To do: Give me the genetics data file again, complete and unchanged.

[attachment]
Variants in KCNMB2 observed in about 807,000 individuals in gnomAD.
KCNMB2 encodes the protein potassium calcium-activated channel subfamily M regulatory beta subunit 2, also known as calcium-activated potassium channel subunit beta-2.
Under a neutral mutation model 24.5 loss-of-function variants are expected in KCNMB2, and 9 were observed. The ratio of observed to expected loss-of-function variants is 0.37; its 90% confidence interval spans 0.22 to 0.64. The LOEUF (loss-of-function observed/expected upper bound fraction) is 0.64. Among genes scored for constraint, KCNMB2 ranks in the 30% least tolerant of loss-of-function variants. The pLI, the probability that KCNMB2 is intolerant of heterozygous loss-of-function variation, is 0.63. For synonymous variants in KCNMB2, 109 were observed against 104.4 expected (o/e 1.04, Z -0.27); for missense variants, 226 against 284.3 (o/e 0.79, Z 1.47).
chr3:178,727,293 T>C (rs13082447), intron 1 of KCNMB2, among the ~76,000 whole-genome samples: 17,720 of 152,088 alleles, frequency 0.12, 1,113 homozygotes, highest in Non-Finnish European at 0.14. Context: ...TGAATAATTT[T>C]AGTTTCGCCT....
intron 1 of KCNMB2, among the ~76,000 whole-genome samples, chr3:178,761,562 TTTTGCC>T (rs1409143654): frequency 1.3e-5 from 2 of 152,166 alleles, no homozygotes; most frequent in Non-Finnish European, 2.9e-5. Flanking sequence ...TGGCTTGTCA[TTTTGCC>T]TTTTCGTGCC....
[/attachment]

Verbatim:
Variants in KCNMB2 observed in about 807,000 individuals in gnomAD.
KCNMB2 encodes the protein potassium calcium-activated channel subfamily M regulatory beta subunit 2, also known as calcium-activated potassium channel subunit beta-2.
Under a neutral mutation model 24.5 loss-of-function variants are expected in KCNMB2, and 9 were observed. The ratio of observed to expected loss-of-function variants is 0.37; its 90% confidence interval spans 0.22 to 0.64. The LOEUF (loss-of-function observed/expected upper bound fraction) is 0.64. Among genes scored for constraint, KCNMB2 ranks in the 30% least tolerant of loss-of-function variants. The pLI, the probability that KCNMB2 is intolerant of heterozygous loss-of-function variation, is 0.63. For synonymous variants in KCNMB2, 109 were observed against 104.4 expected (o/e 1.04, Z -0.27); for missense variants, 226 against 284.3 (o/e 0.79, Z 1.47).
chr3:178,727,293 T>C (rs13082447), intron 1 of KCNMB2, among the ~76,000 whole-genome samples: 17,720 of 152,088 alleles, frequency 0.12, 1,113 homozygotes, highest in Non-Finnish European at 0.14. Context: ...TGAATAATTT[T>C]AGTTTCGCCT....
intron 1 of KCNMB2, among the ~76,000 whole-genome samples, chr3:178,761,562 TTTTGCC>T (rs1409143654): frequency 1.3e-5 from 2 of 152,166 alleles, no homozygotes; most frequent in Non-Finnish European, 2.9e-5. Flanking sequence ...TGGCTTGTCA[TTTTGCC>T]TTTTCGTGCC....